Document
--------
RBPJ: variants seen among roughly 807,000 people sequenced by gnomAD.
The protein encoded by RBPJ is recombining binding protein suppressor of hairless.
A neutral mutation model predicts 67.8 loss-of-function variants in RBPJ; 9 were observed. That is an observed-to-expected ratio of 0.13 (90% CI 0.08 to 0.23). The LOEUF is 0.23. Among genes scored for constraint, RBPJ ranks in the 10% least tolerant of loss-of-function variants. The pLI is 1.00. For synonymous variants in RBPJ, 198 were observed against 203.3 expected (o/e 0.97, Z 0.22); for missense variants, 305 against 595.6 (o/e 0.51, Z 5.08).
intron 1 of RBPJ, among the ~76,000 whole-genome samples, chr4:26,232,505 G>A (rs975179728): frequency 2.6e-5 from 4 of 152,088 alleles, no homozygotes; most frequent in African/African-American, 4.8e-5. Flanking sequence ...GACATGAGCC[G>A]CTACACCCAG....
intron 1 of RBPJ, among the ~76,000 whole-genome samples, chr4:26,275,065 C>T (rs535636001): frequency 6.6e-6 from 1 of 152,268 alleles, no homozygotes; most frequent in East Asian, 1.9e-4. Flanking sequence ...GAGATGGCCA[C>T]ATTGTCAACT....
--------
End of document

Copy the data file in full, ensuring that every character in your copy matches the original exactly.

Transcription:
RBPJ: variants seen among roughly 807,000 people sequenced by gnomAD.
The protein encoded by RBPJ is recombining binding protein suppressor of hairless.
A neutral mutation model predicts 67.8 loss-of-function variants in RBPJ; 9 were observed. That is an observed-to-expected ratio of 0.13 (90% CI 0.08 to 0.23). The LOEUF is 0.23. Among genes scored for constraint, RBPJ ranks in the 10% least tolerant of loss-of-function variants. The pLI is 1.00. For synonymous variants in RBPJ, 198 were observed against 203.3 expected (o/e 0.97, Z 0.22); for missense variants, 305 against 595.6 (o/e 0.51, Z 5.08).
intron 1 of RBPJ, among the ~76,000 whole-genome samples, chr4:26,232,505 G>A (rs975179728): frequency 2.6e-5 from 4 of 152,088 alleles, no homozygotes; most frequent in African/African-American, 4.8e-5. Flanking sequence ...GACATGAGCC[G>A]CTACACCCAG....
intron 1 of RBPJ, among the ~76,000 whole-genome samples, chr4:26,275,065 C>T (rs535636001): frequency 6.6e-6 from 1 of 152,268 alleles, no homozygotes; most frequent in East Asian, 1.9e-4. Flanking sequence ...GAGATGGCCA[C>T]ATTGTCAACT....